September Spotlight on the Archives presents a blog about hidden stories in the Archives. To support the Archives, please donate below!
by Caroline Donadio
For the first time, with a functioning archive, International House NY can act as vocal advocates for its distinguished legacy and provide access to the full richness and breadth of its history. Unprocessed and inaccessible, the International House NY Archives has essentially been “hidden” for almost 100 years. As a result, I-House has been overlooked in numerous historical narratives and biographies. With a discoverable Archive, I-House has the potential to reveal knowledge on significant individuals and notable events. The question now is, how will the Archives contribute? What stories can our records uncover and support?
The Archives at I-House offers a rare view into the lives of international students in America studying abroad. With a myriad of cultural backgrounds and perspectives, I-House Residents’ experiences are both notable and unique. What was it like to be Black at I-House during the Civil Rights Movement? Or, a Soviet resident at I-House in the middle of the Cold War? In 1994 New York City, what was the LGTBQ Resident’s experience when deaths related to AIDS reached an all-time high? As I-House has nurtured a number of different individuals across a variety of fields, the Archives also holds the stories of our distinguished alumni and staff. How did the experience of living at I-House affect their career paths and world views?
International House New York, Member Yearbook, 1931. / I-House Archives
Dietrich Bonhoeffer (’31) lived at I-House while he studied at the Union Theological Seminary in New York. A famous theologian and anti-Nazi dissident, Bonhoeffer was adamantly opposed to fascism and the Third Reich. After leaving the United States, Bonhoeffer traded places with a condemned man in a Nazi concentration camp. He was later arrested and hanged in 1945 for his part in the “officers’ plot” to assassinate Adolf Hitler. Bonhoeffer achieved posthumous fame when the letters from his death cell and other philosophical writings were published, and his status and influence continue to this day. While Bonhoeffer’s time in New York has been written on extensively, his experience at I-House is missing. How did living at I-House shape Bonhoeffer’s political positions? What encounters did he experience as a Resident? What more can we learn about him?
Leontyne Price working at the front desk, 1954/ I-House Archives
Leontyne Price and Daisy Soros, circa 1990s / I-House Archives
Part of the International House legacy lies in having served as an early home to many successful artists. The first African American soprano to debut at the Metropolitan Opera, Leontyne Price (’52), not only lived at I-House, but she also worked at the front desk. As the receptionist, Price created a welcoming atmosphere and was the first face that greeted Residents and guests visiting I-House. As a Resident, she spent her Sunday afternoons practicing arias in the Main Lounge and frequently sang at Sunday Suppers and other events. After graduating from Juilliard, Price served on the I-House Board of Trustees and designed and performed a series of programs to benefit the House and its Residents. I-House Alum Alain Peracca (’85) remembers Price’s farewell performance at I-House in 1985 and was struck by Price’s kindness, recalling that the opera singer referred to I-House and its residents “like family.” Other notable artists and performers who lived at I-House include visual artist Leon Polk Smith (’38), folk singer Burl Ives (’39), actor Roscoe Lee Browne (’49), operatic mezzo-soprano Shirley Verret (’58), American actress and singer, Patti LuPone (’69) and the creators of “Come From Away,” David Hein (’01) and Irene Sankhoff (’01). Many biographies have and will continue to be published about Leontyne Price and these other celebrated artists. What was it like to be in the presence and live alongside so many other artists? How will International House be represented in these stories?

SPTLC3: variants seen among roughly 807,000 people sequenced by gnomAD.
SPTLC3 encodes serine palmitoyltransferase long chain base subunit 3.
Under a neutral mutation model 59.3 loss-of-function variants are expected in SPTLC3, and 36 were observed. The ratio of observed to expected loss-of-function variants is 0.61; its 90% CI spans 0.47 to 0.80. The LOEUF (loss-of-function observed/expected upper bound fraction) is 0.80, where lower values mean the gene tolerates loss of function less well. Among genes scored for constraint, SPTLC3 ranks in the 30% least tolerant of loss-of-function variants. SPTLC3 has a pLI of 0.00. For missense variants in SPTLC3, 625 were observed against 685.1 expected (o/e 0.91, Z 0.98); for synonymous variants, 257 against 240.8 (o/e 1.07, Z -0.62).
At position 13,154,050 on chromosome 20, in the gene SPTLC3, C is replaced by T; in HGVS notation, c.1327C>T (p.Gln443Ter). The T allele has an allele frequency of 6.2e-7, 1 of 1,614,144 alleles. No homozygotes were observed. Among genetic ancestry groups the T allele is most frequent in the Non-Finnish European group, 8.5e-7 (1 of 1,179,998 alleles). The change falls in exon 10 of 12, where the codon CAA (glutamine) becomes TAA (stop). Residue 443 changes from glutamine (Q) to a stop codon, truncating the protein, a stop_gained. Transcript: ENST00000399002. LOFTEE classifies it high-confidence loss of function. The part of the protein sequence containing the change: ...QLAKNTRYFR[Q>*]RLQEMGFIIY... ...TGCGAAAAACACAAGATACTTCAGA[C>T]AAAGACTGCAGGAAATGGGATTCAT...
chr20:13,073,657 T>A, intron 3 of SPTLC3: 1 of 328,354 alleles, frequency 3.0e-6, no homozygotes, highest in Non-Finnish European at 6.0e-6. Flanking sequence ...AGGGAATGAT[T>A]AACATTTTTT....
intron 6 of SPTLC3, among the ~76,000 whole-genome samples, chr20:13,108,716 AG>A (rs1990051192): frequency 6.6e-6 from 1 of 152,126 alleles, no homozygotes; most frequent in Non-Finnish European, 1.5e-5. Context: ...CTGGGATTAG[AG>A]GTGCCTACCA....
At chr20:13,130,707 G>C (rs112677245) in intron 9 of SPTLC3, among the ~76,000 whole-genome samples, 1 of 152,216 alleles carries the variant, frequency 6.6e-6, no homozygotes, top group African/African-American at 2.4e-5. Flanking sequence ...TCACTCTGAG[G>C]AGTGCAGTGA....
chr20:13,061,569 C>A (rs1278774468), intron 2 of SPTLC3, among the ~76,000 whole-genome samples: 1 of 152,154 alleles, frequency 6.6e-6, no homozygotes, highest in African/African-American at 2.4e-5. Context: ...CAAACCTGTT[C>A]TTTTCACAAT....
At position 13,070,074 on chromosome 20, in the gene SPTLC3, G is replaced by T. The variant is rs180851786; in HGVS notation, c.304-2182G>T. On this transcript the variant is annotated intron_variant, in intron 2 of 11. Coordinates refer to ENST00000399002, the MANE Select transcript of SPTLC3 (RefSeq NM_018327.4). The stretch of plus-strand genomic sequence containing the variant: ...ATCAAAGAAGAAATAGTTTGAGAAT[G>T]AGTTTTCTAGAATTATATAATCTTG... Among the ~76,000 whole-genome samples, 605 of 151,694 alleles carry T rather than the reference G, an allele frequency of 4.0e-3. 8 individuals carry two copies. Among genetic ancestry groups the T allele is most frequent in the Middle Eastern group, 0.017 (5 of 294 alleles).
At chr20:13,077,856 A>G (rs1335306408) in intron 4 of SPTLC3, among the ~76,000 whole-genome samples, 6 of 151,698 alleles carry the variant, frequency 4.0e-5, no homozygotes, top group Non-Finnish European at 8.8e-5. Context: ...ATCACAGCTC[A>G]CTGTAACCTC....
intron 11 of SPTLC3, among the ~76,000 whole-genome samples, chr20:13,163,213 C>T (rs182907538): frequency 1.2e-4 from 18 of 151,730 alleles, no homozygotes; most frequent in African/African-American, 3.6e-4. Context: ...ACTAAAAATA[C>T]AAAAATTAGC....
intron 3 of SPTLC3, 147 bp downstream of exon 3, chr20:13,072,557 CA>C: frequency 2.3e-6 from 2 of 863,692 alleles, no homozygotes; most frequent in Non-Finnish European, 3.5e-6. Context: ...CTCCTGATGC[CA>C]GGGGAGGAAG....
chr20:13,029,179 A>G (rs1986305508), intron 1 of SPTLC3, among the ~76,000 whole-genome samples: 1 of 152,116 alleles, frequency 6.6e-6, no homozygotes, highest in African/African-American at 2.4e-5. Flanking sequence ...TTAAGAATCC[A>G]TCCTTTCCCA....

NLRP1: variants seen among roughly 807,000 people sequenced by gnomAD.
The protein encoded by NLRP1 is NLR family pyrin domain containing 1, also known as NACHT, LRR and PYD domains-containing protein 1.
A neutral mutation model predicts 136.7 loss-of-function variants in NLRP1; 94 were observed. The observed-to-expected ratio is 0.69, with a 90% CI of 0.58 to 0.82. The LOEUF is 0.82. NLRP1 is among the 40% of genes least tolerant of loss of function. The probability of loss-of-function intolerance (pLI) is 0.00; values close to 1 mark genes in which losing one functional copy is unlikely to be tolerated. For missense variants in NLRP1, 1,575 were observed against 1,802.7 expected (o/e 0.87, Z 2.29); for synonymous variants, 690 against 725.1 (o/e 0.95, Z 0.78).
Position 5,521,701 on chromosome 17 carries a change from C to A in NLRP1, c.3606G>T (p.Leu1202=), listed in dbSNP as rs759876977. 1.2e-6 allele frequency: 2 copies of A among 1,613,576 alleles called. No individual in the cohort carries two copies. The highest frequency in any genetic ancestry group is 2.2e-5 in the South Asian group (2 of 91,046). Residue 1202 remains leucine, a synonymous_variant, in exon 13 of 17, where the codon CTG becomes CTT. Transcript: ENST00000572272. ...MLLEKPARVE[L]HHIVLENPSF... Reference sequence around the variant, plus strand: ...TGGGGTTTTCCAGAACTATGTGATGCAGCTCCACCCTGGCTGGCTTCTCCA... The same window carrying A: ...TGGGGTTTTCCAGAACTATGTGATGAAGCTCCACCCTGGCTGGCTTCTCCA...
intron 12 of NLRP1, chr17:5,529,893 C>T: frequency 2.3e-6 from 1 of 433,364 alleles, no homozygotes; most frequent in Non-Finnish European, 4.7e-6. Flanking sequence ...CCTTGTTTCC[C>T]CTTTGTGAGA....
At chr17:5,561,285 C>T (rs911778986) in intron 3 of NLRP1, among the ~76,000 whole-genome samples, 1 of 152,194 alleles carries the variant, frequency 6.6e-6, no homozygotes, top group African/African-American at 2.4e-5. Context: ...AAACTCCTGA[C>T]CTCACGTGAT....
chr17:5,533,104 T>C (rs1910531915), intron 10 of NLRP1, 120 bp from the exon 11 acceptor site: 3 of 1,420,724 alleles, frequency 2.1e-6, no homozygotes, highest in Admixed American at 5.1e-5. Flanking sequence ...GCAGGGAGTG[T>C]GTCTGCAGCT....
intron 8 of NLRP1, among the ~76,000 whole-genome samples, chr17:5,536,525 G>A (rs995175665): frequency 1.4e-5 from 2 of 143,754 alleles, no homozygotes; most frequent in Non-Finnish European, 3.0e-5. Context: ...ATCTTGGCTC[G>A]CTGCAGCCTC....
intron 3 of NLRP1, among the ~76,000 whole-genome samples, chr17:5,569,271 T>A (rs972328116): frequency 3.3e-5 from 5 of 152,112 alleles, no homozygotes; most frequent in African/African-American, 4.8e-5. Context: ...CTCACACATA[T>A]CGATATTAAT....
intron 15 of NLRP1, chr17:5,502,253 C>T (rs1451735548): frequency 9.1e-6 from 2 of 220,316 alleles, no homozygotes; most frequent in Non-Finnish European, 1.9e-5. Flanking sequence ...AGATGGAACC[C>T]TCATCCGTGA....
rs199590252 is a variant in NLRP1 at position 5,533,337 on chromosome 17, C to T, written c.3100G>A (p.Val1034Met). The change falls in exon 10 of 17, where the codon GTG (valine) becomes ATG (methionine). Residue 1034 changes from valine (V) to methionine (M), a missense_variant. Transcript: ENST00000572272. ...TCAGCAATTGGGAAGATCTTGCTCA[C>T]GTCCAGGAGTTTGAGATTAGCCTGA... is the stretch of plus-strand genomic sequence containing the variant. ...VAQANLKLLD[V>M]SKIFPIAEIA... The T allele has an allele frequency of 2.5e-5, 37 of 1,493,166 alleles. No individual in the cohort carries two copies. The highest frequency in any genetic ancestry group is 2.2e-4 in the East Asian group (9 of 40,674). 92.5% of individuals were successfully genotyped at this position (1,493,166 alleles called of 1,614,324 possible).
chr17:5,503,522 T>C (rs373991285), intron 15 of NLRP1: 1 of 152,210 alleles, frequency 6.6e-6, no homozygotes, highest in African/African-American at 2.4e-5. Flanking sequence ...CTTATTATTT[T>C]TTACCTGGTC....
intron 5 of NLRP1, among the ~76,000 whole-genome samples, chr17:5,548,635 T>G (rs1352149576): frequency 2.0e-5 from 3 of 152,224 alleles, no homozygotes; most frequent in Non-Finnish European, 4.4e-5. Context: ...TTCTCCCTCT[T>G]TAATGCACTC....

Burl Ives outside I-House with Dr. Lawrence Cardoza of Bombay, circa 1950s/ I-House Archives
Throughout its 96 years, in addition to famous residents, I-House has also retained distinguished leadership. Paul A. Volcker, renowned American economist and Chair of the Federal Reserve served as the I-House Chairman of the Board from 1998-2012. Volcker believed very strongly in the mission and values of I-House and its role in guiding future generations of global leaders. After his tenure as I-House Board Chair, Volcker continued to serve as an Honorary Trustee and sponsored a popular speaker series. When he passed in 2019, our Archives were not yet accessible, and I-House only received a passing note alongside the NY Times obituary. But as historians and economists continue to refer to ‘The Volcker Rule,” to repudiate proprietary trading, Volcker will be relevant for years to come. Knowing how important I-House was to him, how will future researchers account for Volcker’s commitment to I-House? How will his legacy at I-House be remembered?
Paul Volcker with the former president of Ireland Mary Robinson, and I-House President Don Cuneo, 2004/ I-House Archives
While our Archives may not provide definitive answers to all of these questions, I hope that once fully processed, the Archives will offer glimpses into the everyday lives of our extraordinary residents. Making the Archives more visible through complete descriptions, keyword searches, and a discoverable presence will ensure that I-House is no longer overlooked in important historical narratives and biographies. With proper support and funding, what the Archives can accomplish is limitless.
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